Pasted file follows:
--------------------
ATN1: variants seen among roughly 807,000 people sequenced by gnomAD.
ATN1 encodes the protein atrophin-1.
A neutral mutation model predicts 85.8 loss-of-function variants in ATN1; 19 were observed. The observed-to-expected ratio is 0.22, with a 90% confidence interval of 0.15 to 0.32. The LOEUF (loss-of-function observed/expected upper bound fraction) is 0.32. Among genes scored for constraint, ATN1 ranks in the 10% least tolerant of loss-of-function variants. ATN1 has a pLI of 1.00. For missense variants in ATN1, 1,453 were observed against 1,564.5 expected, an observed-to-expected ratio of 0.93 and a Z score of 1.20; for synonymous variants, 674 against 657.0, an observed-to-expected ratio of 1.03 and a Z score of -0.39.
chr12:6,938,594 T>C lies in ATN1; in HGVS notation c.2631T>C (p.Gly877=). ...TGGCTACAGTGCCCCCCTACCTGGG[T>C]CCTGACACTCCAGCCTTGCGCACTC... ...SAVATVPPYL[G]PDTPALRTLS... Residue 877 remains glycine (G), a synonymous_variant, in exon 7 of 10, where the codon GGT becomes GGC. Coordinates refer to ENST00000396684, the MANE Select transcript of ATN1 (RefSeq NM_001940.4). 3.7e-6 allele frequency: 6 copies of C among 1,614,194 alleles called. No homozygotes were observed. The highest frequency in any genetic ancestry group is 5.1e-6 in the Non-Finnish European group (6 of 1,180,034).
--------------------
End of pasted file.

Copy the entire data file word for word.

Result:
ATN1: variants seen among roughly 807,000 people sequenced by gnomAD.
ATN1 encodes the protein atrophin-1.
A neutral mutation model predicts 85.8 loss-of-function variants in ATN1; 19 were observed. The observed-to-expected ratio is 0.22, with a 90% confidence interval of 0.15 to 0.32. The LOEUF (loss-of-function observed/expected upper bound fraction) is 0.32. Among genes scored for constraint, ATN1 ranks in the 10% least tolerant of loss-of-function variants. ATN1 has a pLI of 1.00. For missense variants in ATN1, 1,453 were observed against 1,564.5 expected, an observed-to-expected ratio of 0.93 and a Z score of 1.20; for synonymous variants, 674 against 657.0, an observed-to-expected ratio of 1.03 and a Z score of -0.39.
chr12:6,938,594 T>C lies in ATN1; in HGVS notation c.2631T>C (p.Gly877=). ...TGGCTACAGTGCCCCCCTACCTGGG[T>C]CCTGACACTCCAGCCTTGCGCACTC... ...SAVATVPPYL[G]PDTPALRTLS... Residue 877 remains glycine (G), a synonymous_variant, in exon 7 of 10, where the codon GGT becomes GGC. Coordinates refer to ENST00000396684, the MANE Select transcript of ATN1 (RefSeq NM_001940.4). 3.7e-6 allele frequency: 6 copies of C among 1,614,194 alleles called. No homozygotes were observed. The highest frequency in any genetic ancestry group is 5.1e-6 in the Non-Finnish European group (6 of 1,180,034).